Brussels, Belgium – April 2013
I navigate the streets of Brussels with my eyes fixed on the pavement in front of me. I raise my eyes every so often to look for street signs. To be sure that I’m not lost. The sky is a uniform slate gray. The panic is lurking somewhere. It made a brief appearance on the plane ride. I forced myself to instigate a conversation with the gentleman sitting next to me. Tell me about yourself so I don’t think about myself. Please. He didn’t seem to notice my discomfort – the shaking hands clasped in my lap and the tense smile. Then again, people rarely do. He answered my questions about Belgium with unexpected enthusiasm. By the time the plane touched down, the panic had dissipated.
I make my way to the Musée Magritte, which is an uphill walk from Grand Place. A couple of photos of the artist hang in the entryway. There’s something familiar in his expression. The sadness of life has not snuffed out the innocence. Magritte’s mother drowned herself when he was a young boy. I’m drawn to one of his recurring motifs – fluffy white clouds on blue sky. It’s childlike, whimsical, and somehow unsettling.
Groups of young schoolchildren follow their teachers from painting to painting. I’m unable to get close. Suddenly there are too many people. A quick jolt moves through me and the edges of my vision grow blurry. I hurry on ahead. The space in front of L’Empire des Lumières (The Empire of Light) is empty. I pause and let the image sink into my brain.
Everything we see hides another thing. We always want to see what is hidden by what we see. – René Magritte
What is it that really brings about the darkness?
Before I venture back out to the street, I stop in the bathroom to splash cold water on my face. The mirror makes me smile, but I’m not able to meet my eyes for more than a split second. When I was a kid, I used to freak myself out by staring in the mirror until I “saw” myself. I’m alive, I used to whisper over and over. For a few seconds, the dream of reality would fall away and I would be left with the being that inhabits this body. Myself. It was fascinating and terrifying.
If the dream is a translation of waking life, waking life is also a translation of the dream. – René Magritte
I walk back towards Grand Place, trying to keep a grip on myself. I feel disembodied, a phantom among the living. Breathe. Lift your eyes. Look at the others. Meet their eyes. It’s going to be okay. You’re one of them.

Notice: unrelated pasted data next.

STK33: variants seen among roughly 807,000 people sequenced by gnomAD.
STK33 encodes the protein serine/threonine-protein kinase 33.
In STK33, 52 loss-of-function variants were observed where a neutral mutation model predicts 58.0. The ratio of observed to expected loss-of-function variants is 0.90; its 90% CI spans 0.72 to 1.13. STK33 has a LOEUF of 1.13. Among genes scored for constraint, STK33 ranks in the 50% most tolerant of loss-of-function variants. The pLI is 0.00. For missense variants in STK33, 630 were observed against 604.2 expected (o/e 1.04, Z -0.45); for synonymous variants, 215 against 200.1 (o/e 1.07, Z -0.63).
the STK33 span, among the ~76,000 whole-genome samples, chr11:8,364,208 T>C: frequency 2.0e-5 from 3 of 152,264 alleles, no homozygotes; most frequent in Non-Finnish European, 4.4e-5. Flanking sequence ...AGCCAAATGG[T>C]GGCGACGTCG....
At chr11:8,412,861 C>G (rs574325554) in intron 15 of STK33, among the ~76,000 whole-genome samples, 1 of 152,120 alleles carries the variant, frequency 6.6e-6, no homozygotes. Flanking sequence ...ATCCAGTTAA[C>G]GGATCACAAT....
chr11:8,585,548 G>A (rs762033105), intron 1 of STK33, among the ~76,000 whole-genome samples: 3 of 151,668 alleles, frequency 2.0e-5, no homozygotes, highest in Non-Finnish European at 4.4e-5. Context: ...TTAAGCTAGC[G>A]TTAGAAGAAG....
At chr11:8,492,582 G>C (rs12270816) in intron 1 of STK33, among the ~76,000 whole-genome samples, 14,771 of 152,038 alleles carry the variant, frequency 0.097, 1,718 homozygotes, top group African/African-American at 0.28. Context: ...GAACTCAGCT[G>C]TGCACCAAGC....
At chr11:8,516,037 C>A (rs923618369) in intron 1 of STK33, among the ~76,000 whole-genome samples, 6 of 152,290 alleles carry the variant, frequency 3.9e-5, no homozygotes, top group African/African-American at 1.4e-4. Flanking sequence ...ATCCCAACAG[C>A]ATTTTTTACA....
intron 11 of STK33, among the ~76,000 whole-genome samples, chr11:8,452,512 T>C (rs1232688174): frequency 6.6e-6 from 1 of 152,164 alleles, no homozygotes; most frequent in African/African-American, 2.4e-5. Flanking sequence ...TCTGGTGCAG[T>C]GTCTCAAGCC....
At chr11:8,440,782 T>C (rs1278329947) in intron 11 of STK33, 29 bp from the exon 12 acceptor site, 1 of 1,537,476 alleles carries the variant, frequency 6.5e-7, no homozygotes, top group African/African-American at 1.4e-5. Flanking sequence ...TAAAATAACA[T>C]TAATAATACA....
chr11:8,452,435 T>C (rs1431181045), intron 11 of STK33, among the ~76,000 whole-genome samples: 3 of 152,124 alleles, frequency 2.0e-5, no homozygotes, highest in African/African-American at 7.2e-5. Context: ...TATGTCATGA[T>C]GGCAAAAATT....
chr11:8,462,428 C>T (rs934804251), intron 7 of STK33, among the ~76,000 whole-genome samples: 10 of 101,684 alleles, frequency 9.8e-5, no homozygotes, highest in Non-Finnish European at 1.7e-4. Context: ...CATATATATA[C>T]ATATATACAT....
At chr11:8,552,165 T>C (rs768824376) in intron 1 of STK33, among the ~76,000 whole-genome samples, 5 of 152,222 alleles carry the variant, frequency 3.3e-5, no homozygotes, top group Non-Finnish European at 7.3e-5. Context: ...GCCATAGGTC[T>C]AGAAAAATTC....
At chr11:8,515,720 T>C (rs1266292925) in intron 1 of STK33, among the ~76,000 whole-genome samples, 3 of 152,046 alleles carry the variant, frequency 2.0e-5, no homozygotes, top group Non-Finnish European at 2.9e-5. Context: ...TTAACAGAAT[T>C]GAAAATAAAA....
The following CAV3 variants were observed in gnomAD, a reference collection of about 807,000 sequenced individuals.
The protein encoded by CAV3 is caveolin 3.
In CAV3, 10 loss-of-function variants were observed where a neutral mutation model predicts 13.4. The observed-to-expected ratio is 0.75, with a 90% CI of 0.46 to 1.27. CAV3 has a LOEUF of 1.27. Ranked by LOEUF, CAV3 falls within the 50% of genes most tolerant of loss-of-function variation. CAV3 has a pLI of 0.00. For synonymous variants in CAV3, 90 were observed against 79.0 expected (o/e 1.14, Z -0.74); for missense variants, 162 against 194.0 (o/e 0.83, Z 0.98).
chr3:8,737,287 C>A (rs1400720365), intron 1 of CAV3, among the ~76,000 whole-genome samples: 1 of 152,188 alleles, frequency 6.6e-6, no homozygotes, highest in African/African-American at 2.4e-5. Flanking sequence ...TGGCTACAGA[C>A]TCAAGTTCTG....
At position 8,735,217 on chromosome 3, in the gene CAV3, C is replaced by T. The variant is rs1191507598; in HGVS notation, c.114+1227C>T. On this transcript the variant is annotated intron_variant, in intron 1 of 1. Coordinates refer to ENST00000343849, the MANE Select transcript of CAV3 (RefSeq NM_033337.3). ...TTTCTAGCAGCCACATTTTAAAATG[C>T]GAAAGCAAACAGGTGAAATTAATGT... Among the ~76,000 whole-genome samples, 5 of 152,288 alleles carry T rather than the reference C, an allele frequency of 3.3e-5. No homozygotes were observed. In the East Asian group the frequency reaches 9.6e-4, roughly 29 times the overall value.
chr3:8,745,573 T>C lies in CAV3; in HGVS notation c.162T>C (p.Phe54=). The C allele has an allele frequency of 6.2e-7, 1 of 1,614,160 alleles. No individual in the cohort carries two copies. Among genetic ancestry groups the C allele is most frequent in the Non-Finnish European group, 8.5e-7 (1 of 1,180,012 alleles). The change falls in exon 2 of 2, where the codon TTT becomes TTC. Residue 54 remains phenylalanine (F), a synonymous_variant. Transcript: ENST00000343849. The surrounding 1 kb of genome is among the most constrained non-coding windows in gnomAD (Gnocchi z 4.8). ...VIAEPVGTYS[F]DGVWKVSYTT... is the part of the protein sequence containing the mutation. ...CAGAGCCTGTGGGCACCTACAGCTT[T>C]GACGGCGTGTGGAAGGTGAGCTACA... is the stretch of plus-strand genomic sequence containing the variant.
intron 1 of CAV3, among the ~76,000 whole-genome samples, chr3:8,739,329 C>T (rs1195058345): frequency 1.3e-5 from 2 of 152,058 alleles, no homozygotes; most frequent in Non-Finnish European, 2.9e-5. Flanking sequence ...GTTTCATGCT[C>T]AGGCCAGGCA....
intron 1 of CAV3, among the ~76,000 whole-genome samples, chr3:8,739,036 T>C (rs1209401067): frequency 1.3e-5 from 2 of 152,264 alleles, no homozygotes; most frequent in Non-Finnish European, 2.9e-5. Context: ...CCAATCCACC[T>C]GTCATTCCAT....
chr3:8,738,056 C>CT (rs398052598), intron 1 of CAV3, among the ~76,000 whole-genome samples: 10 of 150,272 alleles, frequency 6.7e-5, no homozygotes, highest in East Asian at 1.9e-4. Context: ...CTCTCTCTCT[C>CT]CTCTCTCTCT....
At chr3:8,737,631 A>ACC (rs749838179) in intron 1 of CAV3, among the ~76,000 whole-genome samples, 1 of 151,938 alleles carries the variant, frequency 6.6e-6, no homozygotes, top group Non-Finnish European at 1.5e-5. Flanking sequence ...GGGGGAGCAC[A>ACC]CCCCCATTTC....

For most of my life, I was followed around by the leaden cloud of depression. In November of 2011, something unexpected happened. The black clouds rolled away to reveal an immaculate blue infinity. Another kind of abyss. I’m grateful that the self-loathing is gone. However, without something anchoring me down, I might float away. A few clouds are necessary to put things into perspective.
It would be easier if I knew what it is, exactly, that I’m afraid of. I’ve come to believe that there’s an undercurrent that sensitive people are picking up on. Some of my friends are experiencing the same debilitating level of vague anxiety. Something is wrong.
At the end of the afternoon, I find myself at the Basilica of the Sacred Heart, the world’s largest Art Deco structure. Storm clouds gather overhead, but I make a complete circle of the magnificent building before heading back to the guesthouse. Magritte and Art Deco. These artistic delights will tide me over for a while.
On my last day in Belgium, a soft spring sun shines down. Grand Place is thronged with people enjoying the new warmth. I move among them in a calm oblivion. I simply feel good today. The intricate details of the architecture are illuminated. The windows of the Hotel de Ville become mirrors reflecting the remnants of cloud.